US Gaza 'Ceasefire' Proposal Blocked By Russia, China

In a display of solidarity, Russia and China wielded their vetoes to block a US-backed resolution on a Gaza ceasefire in the Security Council.

Their stance echoed that of Arab nations, deeming the proposal insufficient in its pressure on Israel, while Moscow criticized Washington for what it termed a “hypocritical spectacle.”

The United States, Israel’s staunch ally known for vetoing past ceasefire initiatives, proposed a resolution at the Security Council advocating for an urgent and lasting ceasefire while also condemning Hamas’ October 7 attack for the first time.

While Russia and China wielded their veto power, Algeria registered its dissent, and Guyana chose to abstain. On the flip side, the remaining 11 Security Council members, including permanent fixtures France and Britain, voted in favor.

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Russia’s ambassador, Vasily Nebenzia, criticized the proposed text, arguing it would not effectively rein in Israel and mocking Washington’s call for a ceasefire, especially “after Gaza has been left in ruins.”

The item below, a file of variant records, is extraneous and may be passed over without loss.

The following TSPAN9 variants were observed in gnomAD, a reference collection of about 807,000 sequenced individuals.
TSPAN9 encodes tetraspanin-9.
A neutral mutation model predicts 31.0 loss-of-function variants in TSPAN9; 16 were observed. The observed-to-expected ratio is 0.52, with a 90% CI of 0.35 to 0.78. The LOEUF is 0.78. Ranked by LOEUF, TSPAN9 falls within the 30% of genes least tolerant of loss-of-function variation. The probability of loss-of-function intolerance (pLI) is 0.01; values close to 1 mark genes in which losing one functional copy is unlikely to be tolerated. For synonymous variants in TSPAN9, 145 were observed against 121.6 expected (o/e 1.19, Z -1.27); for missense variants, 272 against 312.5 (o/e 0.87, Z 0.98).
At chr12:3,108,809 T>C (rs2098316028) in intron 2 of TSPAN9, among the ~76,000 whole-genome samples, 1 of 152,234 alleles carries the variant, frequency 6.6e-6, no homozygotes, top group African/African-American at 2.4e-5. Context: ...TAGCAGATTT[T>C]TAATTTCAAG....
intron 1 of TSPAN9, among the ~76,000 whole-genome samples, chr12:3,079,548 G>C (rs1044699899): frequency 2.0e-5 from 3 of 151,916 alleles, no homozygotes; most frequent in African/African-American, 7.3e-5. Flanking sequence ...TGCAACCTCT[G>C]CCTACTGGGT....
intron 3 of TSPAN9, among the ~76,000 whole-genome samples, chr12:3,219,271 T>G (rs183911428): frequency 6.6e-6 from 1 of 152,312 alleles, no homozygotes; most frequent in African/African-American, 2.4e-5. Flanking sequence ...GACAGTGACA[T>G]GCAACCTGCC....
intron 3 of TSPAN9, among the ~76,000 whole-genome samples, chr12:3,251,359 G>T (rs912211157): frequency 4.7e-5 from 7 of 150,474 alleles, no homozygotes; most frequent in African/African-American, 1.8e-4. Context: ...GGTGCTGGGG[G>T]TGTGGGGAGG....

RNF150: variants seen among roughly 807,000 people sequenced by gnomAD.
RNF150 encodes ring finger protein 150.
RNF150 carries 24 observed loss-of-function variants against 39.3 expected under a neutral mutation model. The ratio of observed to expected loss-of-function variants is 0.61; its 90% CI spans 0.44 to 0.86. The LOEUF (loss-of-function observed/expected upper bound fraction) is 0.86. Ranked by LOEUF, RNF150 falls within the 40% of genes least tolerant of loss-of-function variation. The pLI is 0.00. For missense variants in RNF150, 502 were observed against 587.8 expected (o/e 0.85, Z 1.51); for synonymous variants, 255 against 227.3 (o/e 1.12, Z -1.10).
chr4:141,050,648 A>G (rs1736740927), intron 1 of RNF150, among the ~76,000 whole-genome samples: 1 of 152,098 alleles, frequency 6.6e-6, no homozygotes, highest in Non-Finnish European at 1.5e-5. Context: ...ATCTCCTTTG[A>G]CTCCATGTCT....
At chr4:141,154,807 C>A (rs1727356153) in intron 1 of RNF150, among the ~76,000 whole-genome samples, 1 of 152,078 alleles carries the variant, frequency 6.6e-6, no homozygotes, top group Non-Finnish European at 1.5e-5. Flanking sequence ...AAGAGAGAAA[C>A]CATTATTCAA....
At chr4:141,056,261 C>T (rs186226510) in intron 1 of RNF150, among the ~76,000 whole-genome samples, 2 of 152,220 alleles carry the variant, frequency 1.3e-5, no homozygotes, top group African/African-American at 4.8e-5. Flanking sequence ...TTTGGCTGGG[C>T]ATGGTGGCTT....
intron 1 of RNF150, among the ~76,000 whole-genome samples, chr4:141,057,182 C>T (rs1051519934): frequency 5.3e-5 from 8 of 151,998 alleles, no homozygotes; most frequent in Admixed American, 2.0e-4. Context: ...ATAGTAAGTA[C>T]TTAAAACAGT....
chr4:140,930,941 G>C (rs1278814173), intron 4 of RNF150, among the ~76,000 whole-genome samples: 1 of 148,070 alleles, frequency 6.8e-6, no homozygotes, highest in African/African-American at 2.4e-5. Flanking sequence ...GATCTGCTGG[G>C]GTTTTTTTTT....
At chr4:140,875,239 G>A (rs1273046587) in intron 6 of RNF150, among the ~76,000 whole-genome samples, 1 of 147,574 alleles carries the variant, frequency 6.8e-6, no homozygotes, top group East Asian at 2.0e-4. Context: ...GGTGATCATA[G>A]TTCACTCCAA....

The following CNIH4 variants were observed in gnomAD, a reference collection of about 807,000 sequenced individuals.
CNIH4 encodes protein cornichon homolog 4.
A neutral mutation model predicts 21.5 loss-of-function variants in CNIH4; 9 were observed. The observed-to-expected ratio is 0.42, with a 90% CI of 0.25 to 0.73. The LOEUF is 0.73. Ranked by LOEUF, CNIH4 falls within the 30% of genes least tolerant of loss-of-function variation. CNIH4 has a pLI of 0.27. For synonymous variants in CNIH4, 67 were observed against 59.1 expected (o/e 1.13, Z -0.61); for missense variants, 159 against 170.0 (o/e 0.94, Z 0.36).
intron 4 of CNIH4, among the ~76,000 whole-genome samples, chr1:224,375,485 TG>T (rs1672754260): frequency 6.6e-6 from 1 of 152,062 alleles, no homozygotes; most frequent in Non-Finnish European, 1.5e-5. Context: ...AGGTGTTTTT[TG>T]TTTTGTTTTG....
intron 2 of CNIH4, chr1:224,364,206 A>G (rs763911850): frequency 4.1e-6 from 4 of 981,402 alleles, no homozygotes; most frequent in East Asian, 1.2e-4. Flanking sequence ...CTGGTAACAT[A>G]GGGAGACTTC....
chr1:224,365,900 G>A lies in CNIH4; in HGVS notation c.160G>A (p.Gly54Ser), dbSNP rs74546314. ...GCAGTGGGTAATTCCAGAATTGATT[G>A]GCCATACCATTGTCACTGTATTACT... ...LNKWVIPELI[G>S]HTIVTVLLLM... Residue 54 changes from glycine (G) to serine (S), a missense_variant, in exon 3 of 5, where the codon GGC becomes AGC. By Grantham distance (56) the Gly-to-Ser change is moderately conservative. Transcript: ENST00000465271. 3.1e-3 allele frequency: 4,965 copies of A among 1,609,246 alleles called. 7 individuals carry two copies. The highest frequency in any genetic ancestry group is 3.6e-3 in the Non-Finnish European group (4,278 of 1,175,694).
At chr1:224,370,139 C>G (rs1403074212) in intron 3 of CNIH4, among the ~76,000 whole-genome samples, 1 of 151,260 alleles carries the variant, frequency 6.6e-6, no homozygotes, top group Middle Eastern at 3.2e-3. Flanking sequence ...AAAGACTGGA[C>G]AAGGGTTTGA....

“We have observed a typical hypocritical spectacle,” he said.

Nebenzia said the US draft was intended to “play to voters and throw them a bone in the form of some kind of a mention of a ceasefire in Gaza.”

The resolution will “ensure the impunity of Israel, whose crimes are not even assessed in the draft.”

“Nor does it even provide an answer to the question of realizing a ceasefire in the short term,” he said.

The preliminary version refrained from explicitly calling for Israel to cease its operations in Gaza without delay. In the nuanced language typical of Security Council declarations, the draft asserts the urgency of an “immediate and uninterrupted” cessation of hostilities.

The ceasefire was contingent upon the progress of ongoing discussions, led by Qatar and supported by the United States and Egypt, aimed at ending the conflict in exchange for Hamas releasing hostages.

The Chinese representative, Zhang Jun, lambasted the draft for evading the crucial matter of a ceasefire due to its “ambiguous” language, Zhang argued.

Africa Today News, New York

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